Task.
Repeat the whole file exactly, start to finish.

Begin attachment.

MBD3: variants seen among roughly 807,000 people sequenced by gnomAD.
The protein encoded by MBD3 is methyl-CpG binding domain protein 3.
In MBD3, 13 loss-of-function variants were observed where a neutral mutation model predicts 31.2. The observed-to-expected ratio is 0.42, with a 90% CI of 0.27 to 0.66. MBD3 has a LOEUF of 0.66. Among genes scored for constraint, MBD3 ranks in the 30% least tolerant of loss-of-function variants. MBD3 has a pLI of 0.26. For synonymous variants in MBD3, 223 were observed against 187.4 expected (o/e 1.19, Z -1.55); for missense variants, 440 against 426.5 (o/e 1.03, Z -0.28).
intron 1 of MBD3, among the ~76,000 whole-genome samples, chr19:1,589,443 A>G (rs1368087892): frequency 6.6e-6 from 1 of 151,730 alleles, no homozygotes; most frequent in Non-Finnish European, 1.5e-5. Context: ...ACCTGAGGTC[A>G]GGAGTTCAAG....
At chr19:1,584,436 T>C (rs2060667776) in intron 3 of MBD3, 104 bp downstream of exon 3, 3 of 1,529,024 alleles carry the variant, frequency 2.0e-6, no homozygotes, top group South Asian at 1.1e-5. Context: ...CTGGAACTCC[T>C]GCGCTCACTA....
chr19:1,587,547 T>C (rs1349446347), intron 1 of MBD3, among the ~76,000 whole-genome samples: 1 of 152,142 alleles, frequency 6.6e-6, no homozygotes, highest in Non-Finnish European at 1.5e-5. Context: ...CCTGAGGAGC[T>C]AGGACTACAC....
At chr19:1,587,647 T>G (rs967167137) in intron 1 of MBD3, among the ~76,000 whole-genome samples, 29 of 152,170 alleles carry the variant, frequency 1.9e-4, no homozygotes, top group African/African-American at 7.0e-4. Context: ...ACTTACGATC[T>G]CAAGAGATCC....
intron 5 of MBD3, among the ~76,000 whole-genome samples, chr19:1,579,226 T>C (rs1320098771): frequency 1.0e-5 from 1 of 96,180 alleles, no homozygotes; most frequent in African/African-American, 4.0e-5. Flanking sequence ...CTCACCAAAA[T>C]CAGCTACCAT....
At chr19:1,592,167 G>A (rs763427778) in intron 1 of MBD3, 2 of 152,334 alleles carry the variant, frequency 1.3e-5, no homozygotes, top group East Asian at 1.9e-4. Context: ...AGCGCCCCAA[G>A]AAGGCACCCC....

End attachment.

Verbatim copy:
MBD3: variants seen among roughly 807,000 people sequenced by gnomAD.
The protein encoded by MBD3 is methyl-CpG binding domain protein 3.
In MBD3, 13 loss-of-function variants were observed where a neutral mutation model predicts 31.2. The observed-to-expected ratio is 0.42, with a 90% CI of 0.27 to 0.66. MBD3 has a LOEUF of 0.66. Among genes scored for constraint, MBD3 ranks in the 30% least tolerant of loss-of-function variants. MBD3 has a pLI of 0.26. For synonymous variants in MBD3, 223 were observed against 187.4 expected (o/e 1.19, Z -1.55); for missense variants, 440 against 426.5 (o/e 1.03, Z -0.28).
intron 1 of MBD3, among the ~76,000 whole-genome samples, chr19:1,589,443 A>G (rs1368087892): frequency 6.6e-6 from 1 of 151,730 alleles, no homozygotes; most frequent in Non-Finnish European, 1.5e-5. Context: ...ACCTGAGGTC[A>G]GGAGTTCAAG....
At chr19:1,584,436 T>C (rs2060667776) in intron 3 of MBD3, 104 bp downstream of exon 3, 3 of 1,529,024 alleles carry the variant, frequency 2.0e-6, no homozygotes, top group South Asian at 1.1e-5. Context: ...CTGGAACTCC[T>C]GCGCTCACTA....
chr19:1,587,547 T>C (rs1349446347), intron 1 of MBD3, among the ~76,000 whole-genome samples: 1 of 152,142 alleles, frequency 6.6e-6, no homozygotes, highest in Non-Finnish European at 1.5e-5. Context: ...CCTGAGGAGC[T>C]AGGACTACAC....
At chr19:1,587,647 T>G (rs967167137) in intron 1 of MBD3, among the ~76,000 whole-genome samples, 29 of 152,170 alleles carry the variant, frequency 1.9e-4, no homozygotes, top group African/African-American at 7.0e-4. Context: ...ACTTACGATC[T>G]CAAGAGATCC....
intron 5 of MBD3, among the ~76,000 whole-genome samples, chr19:1,579,226 T>C (rs1320098771): frequency 1.0e-5 from 1 of 96,180 alleles, no homozygotes; most frequent in African/African-American, 4.0e-5. Flanking sequence ...CTCACCAAAA[T>C]CAGCTACCAT....
At chr19:1,592,167 G>A (rs763427778) in intron 1 of MBD3, 2 of 152,334 alleles carry the variant, frequency 1.3e-5, no homozygotes, top group East Asian at 1.9e-4. Context: ...AGCGCCCCAA[G>A]AAGGCACCCC....